3. royinidaho

    royinidaho Writers Guild

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    Watch some videos of bullets entering gel. They seem to make only a couple of revolutions.

    I got chewed out pretty well by posting results of expansion tests using reduced loads to get LR velocity @ 200 yds.

    People jumped all over the reduced spin rate.

    Personally I don't think it makes a squat of difference.
     
  4. Buffalobob

    Buffalobob Writers Guild

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    Jacket integrity and structural integrity are a big factors for the heavy for caliber bullets with thin jackets that are spun at high rpms.

    FMJs that are are at marginal stability (rpm) produce larger wounds than highly stable ones. This has been well documented by the military trauma doctors.

    The question you inquire about has many different answers that depend upon the initial construction of the bullet.

    There is an old thread by Buffalorancher that has some intelligent remarks in it and one excessively stupid one near the end. Watching Youtube cartoons when you can't fathom high school geometry has its problems.
     
  5. elkaholic

    elkaholic Well-Known Member

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    I suspect the marginal spin produces more trauma because the bullets are more apt to tumble. Unexpanded bullets also seem to tumble more. I I have found SMK's are worse than VLDs for not expanding, which also causes worse tumbling and banana bullets. This happens nearly everytime when a SMK doesn't expand. I believe this is caused by the greater angle ogive not allowing expansion to start as easily. Also, it would not surprise me at all if the Bergers which are causing larger exit holes at low velocity are the result of tumbling rather than expansion. Obviously, there is no proof on my part because the bullets are not recovered........Rich
     
  6. Browninglover1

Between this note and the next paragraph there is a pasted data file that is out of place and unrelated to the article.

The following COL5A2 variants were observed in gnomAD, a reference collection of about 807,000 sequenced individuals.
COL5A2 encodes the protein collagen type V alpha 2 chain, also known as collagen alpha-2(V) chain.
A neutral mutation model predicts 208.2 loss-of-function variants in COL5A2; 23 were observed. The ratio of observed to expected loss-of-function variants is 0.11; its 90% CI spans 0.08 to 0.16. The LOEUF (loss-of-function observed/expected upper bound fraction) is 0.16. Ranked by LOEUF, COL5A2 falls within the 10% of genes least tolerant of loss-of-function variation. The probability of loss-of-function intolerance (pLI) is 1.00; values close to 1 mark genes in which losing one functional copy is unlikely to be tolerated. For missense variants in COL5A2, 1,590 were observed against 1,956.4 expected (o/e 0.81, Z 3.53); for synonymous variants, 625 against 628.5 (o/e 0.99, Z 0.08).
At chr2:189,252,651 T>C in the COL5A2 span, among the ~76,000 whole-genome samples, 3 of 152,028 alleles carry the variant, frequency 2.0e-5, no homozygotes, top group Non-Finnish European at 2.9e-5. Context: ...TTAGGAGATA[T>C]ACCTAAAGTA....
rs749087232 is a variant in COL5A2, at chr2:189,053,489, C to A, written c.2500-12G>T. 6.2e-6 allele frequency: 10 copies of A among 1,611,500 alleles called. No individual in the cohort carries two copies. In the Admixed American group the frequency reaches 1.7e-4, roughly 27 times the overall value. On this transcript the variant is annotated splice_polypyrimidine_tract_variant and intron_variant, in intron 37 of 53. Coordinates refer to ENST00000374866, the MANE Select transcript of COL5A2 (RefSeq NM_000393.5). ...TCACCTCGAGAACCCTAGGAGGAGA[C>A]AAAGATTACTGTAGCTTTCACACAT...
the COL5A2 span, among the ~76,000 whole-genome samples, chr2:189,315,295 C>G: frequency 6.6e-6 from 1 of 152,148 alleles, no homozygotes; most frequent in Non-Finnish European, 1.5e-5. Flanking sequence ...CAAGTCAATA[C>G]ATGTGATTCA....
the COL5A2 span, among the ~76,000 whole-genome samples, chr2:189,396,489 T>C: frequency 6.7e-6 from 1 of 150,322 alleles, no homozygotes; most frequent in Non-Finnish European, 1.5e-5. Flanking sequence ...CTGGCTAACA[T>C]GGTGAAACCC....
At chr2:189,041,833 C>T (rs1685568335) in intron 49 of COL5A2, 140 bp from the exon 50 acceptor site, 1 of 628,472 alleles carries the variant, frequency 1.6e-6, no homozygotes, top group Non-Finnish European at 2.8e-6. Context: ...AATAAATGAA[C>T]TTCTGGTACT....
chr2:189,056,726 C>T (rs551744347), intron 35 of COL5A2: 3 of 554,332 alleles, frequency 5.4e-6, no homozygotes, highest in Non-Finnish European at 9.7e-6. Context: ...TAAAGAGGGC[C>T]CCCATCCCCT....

Browninglover1 Well-Known Member

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    Rich,
    So I can verify I understand your test method... you want to test the same bullet at the same impact velocity but with different RPM's to compare what happens. To do this you'll fire a reduced load at close range to achieve an impact with a velocity of "x" with a low RPM compared to a standard load that you'll shoot at long range to achieve the same impact velocity but higher RPM's. Is my understanding correct?

    I'm excited to see what your results are.
     
  7. elkaholic

    elkaholic Well-Known Member

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    That is exactly right!
     
  8. Buffalobob

    Buffalobob Writers Guild

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    Bullet deformation on impact is important for FMJs!!!!! It screws up the rotation and the bullet loses spin stability.

    On an expanding bullet, the center of mass moves forward as the bullet expands creating or adding stability to the bullet. Even in the absence of spin an expanded bullet will be stable passing through a body. Simple physics of the center of mass and stability. It is what archers call Forward Of Center and why an arrow can be stable without spin.
     
  9. elkaholic

    elkaholic Well-Known Member

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    Exactly.....Rich
     
  10. elkaholic